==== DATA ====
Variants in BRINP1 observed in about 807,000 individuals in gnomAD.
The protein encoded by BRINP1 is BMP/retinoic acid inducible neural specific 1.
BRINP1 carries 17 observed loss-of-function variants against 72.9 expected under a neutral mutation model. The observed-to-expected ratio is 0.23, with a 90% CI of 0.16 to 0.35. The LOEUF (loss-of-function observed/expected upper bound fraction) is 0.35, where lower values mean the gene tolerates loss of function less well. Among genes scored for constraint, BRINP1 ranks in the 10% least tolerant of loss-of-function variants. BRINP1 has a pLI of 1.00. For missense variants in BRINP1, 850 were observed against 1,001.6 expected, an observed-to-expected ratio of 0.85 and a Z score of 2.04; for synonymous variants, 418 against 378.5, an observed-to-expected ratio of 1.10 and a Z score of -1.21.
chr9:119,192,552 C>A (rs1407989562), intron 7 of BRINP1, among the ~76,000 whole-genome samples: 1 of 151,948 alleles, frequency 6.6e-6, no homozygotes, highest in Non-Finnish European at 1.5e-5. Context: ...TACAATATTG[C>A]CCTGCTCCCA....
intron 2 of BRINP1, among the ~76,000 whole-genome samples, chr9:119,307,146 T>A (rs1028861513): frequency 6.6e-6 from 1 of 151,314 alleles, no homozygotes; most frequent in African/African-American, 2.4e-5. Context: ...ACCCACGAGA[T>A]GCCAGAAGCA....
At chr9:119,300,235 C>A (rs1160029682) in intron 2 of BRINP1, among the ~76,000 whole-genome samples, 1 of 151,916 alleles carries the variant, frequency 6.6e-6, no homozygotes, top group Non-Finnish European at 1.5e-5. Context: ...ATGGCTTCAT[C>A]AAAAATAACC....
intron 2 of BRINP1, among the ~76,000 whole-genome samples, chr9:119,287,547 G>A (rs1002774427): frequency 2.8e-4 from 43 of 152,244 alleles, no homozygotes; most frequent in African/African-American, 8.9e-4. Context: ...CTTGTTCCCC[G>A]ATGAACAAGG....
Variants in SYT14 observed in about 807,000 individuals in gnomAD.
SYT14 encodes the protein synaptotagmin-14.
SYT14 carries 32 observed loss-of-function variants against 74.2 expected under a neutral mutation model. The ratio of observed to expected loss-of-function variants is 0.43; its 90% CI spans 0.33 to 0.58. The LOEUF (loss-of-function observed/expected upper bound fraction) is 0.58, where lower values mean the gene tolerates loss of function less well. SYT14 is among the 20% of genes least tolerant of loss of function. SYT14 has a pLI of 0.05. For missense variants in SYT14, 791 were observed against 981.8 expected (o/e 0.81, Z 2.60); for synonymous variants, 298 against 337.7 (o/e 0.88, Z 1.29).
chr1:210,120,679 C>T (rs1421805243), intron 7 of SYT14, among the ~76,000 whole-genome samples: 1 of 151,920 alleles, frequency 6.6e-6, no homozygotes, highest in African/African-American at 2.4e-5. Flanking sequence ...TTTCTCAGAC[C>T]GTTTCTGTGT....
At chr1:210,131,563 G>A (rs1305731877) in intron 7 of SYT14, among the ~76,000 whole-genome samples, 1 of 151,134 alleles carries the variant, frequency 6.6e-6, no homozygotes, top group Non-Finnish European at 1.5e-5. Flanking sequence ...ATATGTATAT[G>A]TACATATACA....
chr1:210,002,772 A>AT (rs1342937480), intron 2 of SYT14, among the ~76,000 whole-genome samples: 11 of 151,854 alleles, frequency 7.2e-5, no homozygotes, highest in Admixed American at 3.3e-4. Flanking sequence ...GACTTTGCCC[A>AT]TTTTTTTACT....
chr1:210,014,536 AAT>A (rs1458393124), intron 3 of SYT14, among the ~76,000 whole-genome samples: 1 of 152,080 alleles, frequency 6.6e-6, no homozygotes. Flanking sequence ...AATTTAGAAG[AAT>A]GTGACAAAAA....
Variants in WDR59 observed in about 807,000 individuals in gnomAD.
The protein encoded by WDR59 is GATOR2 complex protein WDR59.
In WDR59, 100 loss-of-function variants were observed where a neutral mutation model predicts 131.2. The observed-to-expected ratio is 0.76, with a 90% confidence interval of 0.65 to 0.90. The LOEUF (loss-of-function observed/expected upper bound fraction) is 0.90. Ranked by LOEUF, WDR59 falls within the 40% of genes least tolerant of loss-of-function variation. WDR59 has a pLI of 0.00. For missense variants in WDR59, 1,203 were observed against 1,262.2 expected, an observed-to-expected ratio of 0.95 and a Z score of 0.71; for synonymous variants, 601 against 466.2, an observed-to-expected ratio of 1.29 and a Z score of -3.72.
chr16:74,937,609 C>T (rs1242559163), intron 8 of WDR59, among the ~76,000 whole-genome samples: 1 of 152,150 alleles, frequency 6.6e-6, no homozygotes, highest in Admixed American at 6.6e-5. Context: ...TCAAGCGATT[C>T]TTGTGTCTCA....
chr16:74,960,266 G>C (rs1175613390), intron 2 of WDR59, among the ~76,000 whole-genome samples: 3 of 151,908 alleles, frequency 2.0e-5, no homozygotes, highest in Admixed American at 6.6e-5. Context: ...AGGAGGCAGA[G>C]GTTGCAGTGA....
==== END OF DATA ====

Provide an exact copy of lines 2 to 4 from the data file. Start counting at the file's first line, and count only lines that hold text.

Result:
The protein encoded by BRINP1 is BMP/retinoic acid inducible neural specific 1.
BRINP1 carries 17 observed loss-of-function variants against 72.9 expected under a neutral mutation model. The observed-to-expected ratio is 0.23, with a 90% CI of 0.16 to 0.35. The LOEUF (loss-of-function observed/expected upper bound fraction) is 0.35, where lower values mean the gene tolerates loss of function less well. Among genes scored for constraint, BRINP1 ranks in the 10% least tolerant of loss-of-function variants. BRINP1 has a pLI of 1.00. For missense variants in BRINP1, 850 were observed against 1,001.6 expected, an observed-to-expected ratio of 0.85 and a Z score of 2.04; for synonymous variants, 418 against 378.5, an observed-to-expected ratio of 1.10 and a Z score of -1.21.
chr9:119,192,552 C>A (rs1407989562), intron 7 of BRINP1, among the ~76,000 whole-genome samples: 1 of 151,948 alleles, frequency 6.6e-6, no homozygotes, highest in Non-Finnish European at 1.5e-5. Context: ...TACAATATTG[C>A]CCTGCTCCCA....